In the July 26, 2011 Ask The Headhunter Newsletter, a job hunter says butterflies interfere with interviews. What can be done?
I consider myself a fairly intelligent and eloquent person with strong skills in my field. Yet, when I go into an interview I turn into Elmer Fudd! I tend to make such comments as, “I think I could be real good at this job!” I’m sure I’m like most people: I get the proverbial butterflies in my stomach.
Only after the interview do the things I should have said start flooding into my mind. (I’ve tried role-plays, but they do not seem to help.) I’m sure this has cost me opportunities. What can I do? Any advice would be greatly appreciated!
Here’s the short version of my advice: (For the entire column, you need to subscribe to the free newsletter. Don’t miss another edition!)
Butterflies are very common, even among some of the most talented people I know (including executives). I’ll offer two suggestions to help you control butterflies.
1. Read Don’t Compete With Yourself. This article will teach you some simple ways to avoid pre-interview tension, and how to stay calm during your meeting.
2. Try The New Interview. Prepare a 20-minute presentation for the employer, and show how you’re going to contribute to the company’s profitability. This might sound daunting, especially to someone who gets nervous, but once you learn to do it for one employer, the next ones will be a lot easier.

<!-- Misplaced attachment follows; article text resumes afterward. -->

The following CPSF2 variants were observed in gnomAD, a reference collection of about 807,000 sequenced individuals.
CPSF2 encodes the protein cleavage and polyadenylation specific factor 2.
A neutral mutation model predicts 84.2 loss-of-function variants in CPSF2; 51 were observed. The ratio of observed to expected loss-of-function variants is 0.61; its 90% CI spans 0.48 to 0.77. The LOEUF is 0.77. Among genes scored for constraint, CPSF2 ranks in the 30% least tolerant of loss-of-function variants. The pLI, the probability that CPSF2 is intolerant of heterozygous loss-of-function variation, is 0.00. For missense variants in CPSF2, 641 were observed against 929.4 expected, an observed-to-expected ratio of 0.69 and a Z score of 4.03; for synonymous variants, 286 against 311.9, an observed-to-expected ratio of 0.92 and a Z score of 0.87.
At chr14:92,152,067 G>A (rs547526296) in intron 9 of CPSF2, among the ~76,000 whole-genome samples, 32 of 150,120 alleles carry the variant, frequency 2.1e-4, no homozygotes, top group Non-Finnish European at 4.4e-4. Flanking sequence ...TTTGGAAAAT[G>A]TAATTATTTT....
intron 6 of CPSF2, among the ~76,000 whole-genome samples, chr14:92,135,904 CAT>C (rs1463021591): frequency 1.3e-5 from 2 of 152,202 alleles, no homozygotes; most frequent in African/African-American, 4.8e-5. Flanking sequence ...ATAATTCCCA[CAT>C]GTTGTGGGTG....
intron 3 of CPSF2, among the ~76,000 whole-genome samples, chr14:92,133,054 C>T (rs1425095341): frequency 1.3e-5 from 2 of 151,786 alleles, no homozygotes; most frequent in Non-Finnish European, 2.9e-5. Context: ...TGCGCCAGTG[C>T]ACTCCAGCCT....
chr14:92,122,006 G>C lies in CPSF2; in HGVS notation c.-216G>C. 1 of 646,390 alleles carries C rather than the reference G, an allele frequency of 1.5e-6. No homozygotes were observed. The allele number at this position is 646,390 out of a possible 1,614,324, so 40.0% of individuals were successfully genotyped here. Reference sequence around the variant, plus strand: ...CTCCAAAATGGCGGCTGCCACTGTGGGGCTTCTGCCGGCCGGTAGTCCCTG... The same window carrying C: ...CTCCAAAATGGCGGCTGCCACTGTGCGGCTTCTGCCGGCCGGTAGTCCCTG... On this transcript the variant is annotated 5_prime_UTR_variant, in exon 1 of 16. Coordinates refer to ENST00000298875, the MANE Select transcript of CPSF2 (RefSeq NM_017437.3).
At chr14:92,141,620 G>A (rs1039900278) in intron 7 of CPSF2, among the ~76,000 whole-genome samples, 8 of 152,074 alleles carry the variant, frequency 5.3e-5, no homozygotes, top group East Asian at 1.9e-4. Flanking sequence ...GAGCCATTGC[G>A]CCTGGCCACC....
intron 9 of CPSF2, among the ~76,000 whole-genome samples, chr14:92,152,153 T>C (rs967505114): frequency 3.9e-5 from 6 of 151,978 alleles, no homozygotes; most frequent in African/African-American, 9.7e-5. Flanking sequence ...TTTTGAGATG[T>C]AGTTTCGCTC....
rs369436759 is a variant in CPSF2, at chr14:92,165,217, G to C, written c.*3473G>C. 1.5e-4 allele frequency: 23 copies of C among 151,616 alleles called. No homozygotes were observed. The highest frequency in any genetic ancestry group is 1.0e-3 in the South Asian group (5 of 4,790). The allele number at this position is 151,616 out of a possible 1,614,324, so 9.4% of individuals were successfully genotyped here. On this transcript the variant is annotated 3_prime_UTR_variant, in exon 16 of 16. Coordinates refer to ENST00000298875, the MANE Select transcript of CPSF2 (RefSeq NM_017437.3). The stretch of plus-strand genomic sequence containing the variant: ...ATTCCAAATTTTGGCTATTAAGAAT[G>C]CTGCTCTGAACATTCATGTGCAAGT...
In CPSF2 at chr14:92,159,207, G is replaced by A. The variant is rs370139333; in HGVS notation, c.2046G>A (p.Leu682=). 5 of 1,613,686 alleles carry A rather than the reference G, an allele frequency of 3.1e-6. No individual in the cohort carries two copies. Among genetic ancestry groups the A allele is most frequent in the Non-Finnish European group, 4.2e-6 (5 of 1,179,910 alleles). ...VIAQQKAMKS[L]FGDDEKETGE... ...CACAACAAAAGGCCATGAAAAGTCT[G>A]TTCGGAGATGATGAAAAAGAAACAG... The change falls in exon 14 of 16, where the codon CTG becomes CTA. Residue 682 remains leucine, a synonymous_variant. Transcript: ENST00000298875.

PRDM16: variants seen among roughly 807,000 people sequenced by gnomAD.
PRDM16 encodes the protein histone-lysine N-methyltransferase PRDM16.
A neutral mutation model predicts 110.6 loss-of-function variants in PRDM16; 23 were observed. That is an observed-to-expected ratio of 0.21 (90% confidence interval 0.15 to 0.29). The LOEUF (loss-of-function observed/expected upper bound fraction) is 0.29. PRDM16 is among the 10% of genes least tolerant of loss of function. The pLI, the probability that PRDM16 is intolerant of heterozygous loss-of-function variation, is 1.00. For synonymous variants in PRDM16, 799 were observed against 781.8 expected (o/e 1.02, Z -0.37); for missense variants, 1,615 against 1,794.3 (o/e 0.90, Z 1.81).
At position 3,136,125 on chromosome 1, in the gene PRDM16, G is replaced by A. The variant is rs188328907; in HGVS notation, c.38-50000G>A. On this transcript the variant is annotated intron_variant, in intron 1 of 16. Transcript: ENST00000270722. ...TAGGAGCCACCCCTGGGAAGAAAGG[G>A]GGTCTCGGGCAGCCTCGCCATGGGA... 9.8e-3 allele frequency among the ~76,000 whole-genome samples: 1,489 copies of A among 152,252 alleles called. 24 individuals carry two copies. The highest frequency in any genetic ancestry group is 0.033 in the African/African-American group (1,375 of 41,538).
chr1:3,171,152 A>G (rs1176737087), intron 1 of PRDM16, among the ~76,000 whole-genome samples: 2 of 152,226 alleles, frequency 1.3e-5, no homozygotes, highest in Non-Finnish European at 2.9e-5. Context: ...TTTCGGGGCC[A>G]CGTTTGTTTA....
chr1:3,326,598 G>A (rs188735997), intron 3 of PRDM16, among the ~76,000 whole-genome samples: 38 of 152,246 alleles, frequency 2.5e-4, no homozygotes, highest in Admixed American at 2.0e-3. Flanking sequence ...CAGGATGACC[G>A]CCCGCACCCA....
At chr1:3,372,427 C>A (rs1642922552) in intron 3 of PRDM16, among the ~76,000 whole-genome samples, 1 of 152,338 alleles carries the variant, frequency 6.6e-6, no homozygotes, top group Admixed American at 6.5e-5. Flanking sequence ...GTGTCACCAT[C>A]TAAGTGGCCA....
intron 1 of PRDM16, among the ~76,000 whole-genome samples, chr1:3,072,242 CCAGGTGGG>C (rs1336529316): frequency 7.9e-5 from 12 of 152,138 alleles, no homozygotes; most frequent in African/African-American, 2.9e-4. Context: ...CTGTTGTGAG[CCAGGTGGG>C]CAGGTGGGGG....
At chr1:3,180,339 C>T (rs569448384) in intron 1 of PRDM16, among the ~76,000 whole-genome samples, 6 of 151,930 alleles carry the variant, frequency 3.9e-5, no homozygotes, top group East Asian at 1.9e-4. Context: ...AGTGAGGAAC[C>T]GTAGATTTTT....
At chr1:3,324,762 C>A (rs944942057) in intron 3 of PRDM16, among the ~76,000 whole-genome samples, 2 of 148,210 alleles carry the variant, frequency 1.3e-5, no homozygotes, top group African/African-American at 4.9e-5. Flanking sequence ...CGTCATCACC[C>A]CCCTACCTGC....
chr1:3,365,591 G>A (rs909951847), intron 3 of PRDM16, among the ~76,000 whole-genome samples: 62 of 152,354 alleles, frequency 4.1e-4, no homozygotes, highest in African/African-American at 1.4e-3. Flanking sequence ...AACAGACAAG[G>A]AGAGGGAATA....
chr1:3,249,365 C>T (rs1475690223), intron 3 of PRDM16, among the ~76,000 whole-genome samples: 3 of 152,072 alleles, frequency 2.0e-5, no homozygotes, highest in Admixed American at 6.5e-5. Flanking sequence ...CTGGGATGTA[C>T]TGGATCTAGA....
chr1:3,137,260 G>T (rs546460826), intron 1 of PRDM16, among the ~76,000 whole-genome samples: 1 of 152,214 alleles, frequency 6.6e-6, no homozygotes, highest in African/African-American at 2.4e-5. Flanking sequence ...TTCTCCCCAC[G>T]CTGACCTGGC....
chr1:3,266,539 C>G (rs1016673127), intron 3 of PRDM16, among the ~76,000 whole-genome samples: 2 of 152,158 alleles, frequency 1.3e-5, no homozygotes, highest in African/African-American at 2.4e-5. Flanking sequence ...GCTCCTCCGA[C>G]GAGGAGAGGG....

The power of this approach lies in the fact that once you’re this prepared, you’ll never again get butterflies in your stomach.
You see, people get butterflies when they’re not completely prepared. They consequently (and naturally) feel unsure of themselves. I know what you’re thinking: “But I am prepared!” I doubt you are prepared to the extent I’m talking about.
Prepared means being able to outline two or three specific problems and challenges the employer faces, and then presenting a plan to handle them. (Don’t provide too much detail, because then you’d be working for free and giving away your assets.)
When you truly understand the business… (This is where some of my advice is omitted. To get the whole story next week, subscribe to the newsletter. It’s free! Don’t miss another edition!)…
If you think this level of preparation is a huge investment, you’re right. The employer thinks hiring you is a pretty huge investment, too. If you’re not prepared to do the job in the interview, then your competition — the candidate I coached to do what I suggest above — will blow you out of the water like a dead fish.
Consider this carefully: You can’t do this level of preparation for the 400 companies you’ve sent your resume to, because there aren’t 400 jobs for you. Thus, you must pick your targets very carefully.
When you achieve this level of business interaction, you are not interviewing. You are in a meeting where you’re doing the job. That’s such a liberating experience that nervousness almost completely disappears. It works. Try it.
Do you get butterflies in your stomach when you interview? Why do you think? Or do you have nerves of steel and demonstrate confidence? How do you do it?
Where does a good job candidate’s power come from? And how can you develop yours?